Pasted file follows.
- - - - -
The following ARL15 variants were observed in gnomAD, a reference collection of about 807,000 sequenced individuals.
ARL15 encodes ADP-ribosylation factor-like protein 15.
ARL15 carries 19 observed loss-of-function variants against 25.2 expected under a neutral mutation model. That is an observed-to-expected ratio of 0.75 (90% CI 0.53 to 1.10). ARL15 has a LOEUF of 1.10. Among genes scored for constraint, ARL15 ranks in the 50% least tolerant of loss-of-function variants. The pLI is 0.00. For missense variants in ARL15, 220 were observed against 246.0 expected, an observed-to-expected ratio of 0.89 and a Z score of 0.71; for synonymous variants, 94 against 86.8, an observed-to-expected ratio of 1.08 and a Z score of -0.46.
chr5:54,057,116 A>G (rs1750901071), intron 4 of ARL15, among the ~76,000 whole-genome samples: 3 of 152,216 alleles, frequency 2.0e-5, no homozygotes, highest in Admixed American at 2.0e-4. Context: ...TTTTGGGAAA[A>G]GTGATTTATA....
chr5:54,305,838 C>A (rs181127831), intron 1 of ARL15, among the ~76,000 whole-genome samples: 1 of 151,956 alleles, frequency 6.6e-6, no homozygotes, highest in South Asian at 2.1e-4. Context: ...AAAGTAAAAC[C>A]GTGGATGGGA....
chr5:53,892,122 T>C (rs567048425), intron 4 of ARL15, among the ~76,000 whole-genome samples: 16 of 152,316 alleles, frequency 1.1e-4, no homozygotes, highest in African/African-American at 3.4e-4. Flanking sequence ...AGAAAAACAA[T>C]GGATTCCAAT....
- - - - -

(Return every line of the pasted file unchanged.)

The following ARL15 variants were observed in gnomAD, a reference collection of about 807,000 sequenced individuals.
ARL15 encodes ADP-ribosylation factor-like protein 15.
ARL15 carries 19 observed loss-of-function variants against 25.2 expected under a neutral mutation model. That is an observed-to-expected ratio of 0.75 (90% CI 0.53 to 1.10). ARL15 has a LOEUF of 1.10. Among genes scored for constraint, ARL15 ranks in the 50% least tolerant of loss-of-function variants. The pLI is 0.00. For missense variants in ARL15, 220 were observed against 246.0 expected, an observed-to-expected ratio of 0.89 and a Z score of 0.71; for synonymous variants, 94 against 86.8, an observed-to-expected ratio of 1.08 and a Z score of -0.46.
chr5:54,057,116 A>G (rs1750901071), intron 4 of ARL15, among the ~76,000 whole-genome samples: 3 of 152,216 alleles, frequency 2.0e-5, no homozygotes, highest in Admixed American at 2.0e-4. Context: ...TTTTGGGAAA[A>G]GTGATTTATA....
chr5:54,305,838 C>A (rs181127831), intron 1 of ARL15, among the ~76,000 whole-genome samples: 1 of 151,956 alleles, frequency 6.6e-6, no homozygotes, highest in South Asian at 2.1e-4. Context: ...AAAGTAAAAC[C>A]GTGGATGGGA....
chr5:53,892,122 T>C (rs567048425), intron 4 of ARL15, among the ~76,000 whole-genome samples: 16 of 152,316 alleles, frequency 1.1e-4, no homozygotes, highest in African/African-American at 3.4e-4. Flanking sequence ...AGAAAAACAA[T>C]GGATTCCAAT....